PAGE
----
The Federal Reserve has decided to, yet again, apply a policy of quantitative easing to “remedy” the current economic conditions. Similar measures have been taken in the past, and with no positive effect. This policy too shall only end in failure. Quantitative easing, on the surface, may appear complicated, but it is not. The idea, simply, is that by putting more money into the economy so the woes will be solved. In this case, Federal Reserve Chairman Ben Bernanke hopes to create a “sustained improvement in the labor market.”
Ben Bernanke, along with most of the economists that influence government policies, is an adherent to the economic philosophy of Keynesian economics, originating from John Maynard Keynes. Instead of conducting their economics according to principles and certainty, Keynesians take a snobbishly modern view that economic matters are overly complicated. Apart from this absurd economic methodology, Keynesian economics also is also another front of collectivist thought. Keynesians argue for massive public works projects, tax and spend policies, large debts, central banking, and central planning. Essentially, they are the same as any other socialist or Marxist policy.
What is being implemented in the United States, whether in quantitative easing or some other Keynesian idea, has been tried and failed in Europe. But that was different, this is America! To the contrary, Keynesian policies have been implemented before in American history. Keynesian ideas were put into action by Franklin Delano Roosevelt via his New Deal during the Great Depression, yet it did not help the economy in the long term. Yes, it was a world war that would be necessary to pull our country out of the Great Depression, according to the Keynesians. However, It was not World War II that ended the Great Depression, but the loosening of New Deal policies after the war that brought the economy out of depression— even though the economy was not good immediately after the war ended. 62 million deaths (418,500 of which were Americans) did not create economic prosperity.
Furthermore, this instance of quantitative easing is not the first time it has been implemented. In fact, the name “QE 3” only denotes the third time quantitative easing has used. The Federal Reserve tried quantitative easing, and the only effect was greater inflation (a purely logical effect of quantitative easing).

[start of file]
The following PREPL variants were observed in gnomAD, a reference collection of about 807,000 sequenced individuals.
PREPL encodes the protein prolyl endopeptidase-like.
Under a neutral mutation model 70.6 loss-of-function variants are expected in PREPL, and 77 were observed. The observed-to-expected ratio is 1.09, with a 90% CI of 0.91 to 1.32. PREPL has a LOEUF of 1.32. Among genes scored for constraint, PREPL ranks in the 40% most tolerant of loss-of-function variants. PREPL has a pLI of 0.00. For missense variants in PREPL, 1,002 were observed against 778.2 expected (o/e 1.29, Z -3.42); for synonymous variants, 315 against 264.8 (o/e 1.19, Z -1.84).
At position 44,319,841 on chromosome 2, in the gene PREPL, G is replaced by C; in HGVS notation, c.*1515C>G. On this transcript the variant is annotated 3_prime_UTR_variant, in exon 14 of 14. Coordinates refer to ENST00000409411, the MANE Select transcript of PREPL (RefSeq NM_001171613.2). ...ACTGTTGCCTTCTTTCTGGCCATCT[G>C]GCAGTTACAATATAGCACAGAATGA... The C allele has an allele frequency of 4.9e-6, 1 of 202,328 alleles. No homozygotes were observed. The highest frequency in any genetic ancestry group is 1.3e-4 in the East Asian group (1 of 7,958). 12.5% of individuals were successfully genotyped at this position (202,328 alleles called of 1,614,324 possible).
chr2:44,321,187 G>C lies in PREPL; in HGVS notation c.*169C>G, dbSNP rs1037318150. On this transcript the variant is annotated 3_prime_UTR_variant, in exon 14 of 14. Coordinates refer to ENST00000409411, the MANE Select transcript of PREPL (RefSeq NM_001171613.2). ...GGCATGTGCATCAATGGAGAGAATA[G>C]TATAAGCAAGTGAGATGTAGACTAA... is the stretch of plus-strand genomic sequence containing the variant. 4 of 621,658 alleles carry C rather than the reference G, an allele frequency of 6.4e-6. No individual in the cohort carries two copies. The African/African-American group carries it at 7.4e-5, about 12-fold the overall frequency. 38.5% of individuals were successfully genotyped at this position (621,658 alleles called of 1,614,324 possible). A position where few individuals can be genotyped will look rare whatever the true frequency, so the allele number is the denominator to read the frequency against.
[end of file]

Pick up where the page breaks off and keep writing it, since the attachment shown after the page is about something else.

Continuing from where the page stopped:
While such stopping quantitative easing would be better than continuing quantitative easing, the government and Federal Reserve still have control of our nation’s currency and financial system. In a more general sense, halting these policies, contrary to liberty and the free market, is only part of the solution. To adopt policies of liberty and free markets, these government controls and constraints must be removed to take a more Austrian economical approach. What makes the Austrians different than other economic schools could be expounded on at great length, but it suffices to state that the Austrians advocate completely free markets.
Even in terms of currency this is true. F.A. Hayek, a beloved defender of liberty, argued at great length for a de-nationalized currency, meaning that currency is left to private individuals, not the government. This is a major piece in the puzzle of solving our monetary and fiscal problems. When currency is controlled by the markets, and not the Federal Reserve, these absurd policies of quantitative easing and fiat money (money backed with no silver or gold) would disappear. Also, there would not only be one currency, but many. In the inevitable times of economic downturn, this would ensure the entire nation’s investments are not invested in a single currency.
We must continue to push for a complete halt in these policies, and to bring the system back to money with value. One cannot know what places the political winds shall push our fragile boat, but we as lovers of liberty must always keep in mind the ultimate goal— liberty.